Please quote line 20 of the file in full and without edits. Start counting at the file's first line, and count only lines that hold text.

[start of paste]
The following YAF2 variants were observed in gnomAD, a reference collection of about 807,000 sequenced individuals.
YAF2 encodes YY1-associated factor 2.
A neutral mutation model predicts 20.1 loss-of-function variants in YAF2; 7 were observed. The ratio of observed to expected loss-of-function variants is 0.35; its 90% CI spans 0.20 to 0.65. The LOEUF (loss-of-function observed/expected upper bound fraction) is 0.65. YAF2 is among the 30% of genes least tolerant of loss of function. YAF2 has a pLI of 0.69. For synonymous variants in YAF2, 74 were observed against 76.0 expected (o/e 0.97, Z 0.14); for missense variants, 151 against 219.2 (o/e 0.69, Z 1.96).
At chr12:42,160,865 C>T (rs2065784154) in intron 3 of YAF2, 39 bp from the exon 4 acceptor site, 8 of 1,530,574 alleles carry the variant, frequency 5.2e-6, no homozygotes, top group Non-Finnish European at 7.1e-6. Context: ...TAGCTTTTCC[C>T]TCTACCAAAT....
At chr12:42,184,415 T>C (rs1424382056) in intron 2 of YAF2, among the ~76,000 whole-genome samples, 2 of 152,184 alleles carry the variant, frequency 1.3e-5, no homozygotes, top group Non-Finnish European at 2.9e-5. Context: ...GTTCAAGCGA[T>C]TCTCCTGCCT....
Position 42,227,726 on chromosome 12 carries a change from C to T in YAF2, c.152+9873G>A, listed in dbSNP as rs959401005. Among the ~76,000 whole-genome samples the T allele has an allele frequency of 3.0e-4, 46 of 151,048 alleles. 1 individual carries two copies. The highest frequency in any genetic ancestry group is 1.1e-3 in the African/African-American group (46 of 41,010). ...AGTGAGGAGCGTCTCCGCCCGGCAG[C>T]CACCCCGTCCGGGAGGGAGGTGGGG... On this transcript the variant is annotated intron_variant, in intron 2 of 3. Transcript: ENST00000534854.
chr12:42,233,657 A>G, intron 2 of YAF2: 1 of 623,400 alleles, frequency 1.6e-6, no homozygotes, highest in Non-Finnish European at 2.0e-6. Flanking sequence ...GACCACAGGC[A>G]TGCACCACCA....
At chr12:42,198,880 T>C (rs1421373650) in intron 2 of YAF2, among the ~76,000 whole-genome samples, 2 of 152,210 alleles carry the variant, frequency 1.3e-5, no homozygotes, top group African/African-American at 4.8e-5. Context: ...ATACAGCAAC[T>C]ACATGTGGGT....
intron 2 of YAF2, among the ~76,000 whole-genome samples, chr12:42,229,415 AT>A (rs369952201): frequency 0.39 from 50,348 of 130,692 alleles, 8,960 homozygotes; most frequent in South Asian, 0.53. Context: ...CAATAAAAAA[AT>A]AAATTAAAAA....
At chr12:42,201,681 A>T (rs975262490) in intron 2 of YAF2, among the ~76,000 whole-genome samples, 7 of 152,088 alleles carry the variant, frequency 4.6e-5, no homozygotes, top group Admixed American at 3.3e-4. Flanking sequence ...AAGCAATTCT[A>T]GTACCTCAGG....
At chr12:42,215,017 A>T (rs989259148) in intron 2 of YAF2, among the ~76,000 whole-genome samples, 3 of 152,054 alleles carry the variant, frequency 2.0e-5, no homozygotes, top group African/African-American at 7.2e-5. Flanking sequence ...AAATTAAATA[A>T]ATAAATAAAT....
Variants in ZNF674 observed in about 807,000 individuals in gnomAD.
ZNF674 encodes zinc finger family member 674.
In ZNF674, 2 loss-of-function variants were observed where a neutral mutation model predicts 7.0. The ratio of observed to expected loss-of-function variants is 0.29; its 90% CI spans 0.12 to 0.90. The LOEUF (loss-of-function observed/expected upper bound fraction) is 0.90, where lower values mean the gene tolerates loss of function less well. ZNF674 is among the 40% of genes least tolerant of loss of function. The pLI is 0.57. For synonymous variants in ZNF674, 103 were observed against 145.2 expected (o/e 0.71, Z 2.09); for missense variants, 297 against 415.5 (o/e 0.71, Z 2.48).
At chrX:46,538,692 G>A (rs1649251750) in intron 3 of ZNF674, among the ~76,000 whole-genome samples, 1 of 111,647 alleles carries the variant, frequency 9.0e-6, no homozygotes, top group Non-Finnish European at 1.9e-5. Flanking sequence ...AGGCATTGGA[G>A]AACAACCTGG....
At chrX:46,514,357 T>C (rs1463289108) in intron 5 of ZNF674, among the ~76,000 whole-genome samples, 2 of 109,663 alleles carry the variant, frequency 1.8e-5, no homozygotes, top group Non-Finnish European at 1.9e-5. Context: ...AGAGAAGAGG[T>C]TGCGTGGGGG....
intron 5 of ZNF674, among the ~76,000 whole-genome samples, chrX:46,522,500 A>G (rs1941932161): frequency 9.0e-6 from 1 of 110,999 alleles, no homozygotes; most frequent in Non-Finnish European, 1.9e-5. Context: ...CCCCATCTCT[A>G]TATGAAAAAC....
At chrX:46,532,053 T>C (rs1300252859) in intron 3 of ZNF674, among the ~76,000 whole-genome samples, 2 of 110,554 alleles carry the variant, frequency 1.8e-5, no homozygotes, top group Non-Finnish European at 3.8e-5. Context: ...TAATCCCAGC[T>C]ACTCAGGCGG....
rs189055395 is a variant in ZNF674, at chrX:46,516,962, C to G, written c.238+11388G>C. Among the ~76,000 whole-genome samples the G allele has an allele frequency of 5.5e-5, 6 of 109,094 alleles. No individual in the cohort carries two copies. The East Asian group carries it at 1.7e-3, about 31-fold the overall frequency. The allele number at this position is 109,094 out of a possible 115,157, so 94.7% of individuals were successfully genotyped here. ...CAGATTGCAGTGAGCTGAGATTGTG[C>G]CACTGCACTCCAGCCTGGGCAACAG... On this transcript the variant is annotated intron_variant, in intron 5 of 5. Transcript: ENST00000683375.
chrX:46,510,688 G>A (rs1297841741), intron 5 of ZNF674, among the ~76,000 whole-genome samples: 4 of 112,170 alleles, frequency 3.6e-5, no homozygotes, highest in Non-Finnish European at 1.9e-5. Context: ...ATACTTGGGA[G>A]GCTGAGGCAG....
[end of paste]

chrX:46,510,688 G>A (rs1297841741), intron 5 of ZNF674, among the ~76,000 whole-genome samples: 4 of 112,170 alleles, frequency 3.6e-5, no homozygotes, highest in Non-Finnish European at 1.9e-5. Context: ...ATACTTGGGA[G>A]GCTGAGGCAG....